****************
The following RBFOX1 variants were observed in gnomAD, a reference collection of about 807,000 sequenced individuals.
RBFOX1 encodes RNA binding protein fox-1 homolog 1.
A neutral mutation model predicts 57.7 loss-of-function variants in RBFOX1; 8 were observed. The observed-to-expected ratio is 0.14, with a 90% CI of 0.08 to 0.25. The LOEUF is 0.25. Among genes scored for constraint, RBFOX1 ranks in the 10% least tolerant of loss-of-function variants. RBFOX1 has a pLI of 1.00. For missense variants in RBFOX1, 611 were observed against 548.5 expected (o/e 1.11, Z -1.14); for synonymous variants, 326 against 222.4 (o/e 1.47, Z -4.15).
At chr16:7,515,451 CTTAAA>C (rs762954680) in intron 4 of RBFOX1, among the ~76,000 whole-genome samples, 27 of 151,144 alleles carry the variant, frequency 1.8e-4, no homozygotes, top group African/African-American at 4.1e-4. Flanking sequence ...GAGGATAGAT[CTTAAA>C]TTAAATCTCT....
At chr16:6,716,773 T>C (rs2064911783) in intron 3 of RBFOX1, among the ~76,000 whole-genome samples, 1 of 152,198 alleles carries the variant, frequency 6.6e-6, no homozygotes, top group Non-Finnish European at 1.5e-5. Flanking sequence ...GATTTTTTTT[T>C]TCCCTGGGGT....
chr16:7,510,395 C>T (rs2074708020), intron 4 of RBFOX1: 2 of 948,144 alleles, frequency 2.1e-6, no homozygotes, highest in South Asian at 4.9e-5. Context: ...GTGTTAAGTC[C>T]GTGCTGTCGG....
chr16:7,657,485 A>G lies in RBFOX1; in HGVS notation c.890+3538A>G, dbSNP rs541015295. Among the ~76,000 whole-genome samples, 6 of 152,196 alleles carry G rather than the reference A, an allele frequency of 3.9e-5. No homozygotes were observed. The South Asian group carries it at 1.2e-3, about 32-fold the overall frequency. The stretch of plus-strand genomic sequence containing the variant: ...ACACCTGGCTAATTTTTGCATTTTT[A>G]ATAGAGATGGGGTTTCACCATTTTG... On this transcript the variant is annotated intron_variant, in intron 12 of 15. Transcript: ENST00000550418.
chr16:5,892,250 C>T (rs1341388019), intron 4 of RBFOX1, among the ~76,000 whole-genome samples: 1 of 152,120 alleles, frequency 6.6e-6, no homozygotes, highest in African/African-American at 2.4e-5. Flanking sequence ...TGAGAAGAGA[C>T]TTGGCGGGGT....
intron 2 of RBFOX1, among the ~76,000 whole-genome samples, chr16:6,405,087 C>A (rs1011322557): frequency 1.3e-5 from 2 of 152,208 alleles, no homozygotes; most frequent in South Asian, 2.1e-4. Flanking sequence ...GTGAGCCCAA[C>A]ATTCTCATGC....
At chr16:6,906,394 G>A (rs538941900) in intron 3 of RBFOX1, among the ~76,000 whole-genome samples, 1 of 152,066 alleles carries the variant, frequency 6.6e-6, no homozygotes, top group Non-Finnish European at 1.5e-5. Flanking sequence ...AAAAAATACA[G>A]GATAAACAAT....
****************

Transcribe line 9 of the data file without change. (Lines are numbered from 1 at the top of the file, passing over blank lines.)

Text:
intron 2 of RBFOX1, among the ~76,000 whole-genome samples, chr16:6,405,087 C>A (rs1011322557): frequency 1.3e-5 from 2 of 152,208 alleles, no homozygotes; most frequent in South Asian, 2.1e-4. Flanking sequence ...GTGAGCCCAA[C>A]ATTCTCATGC....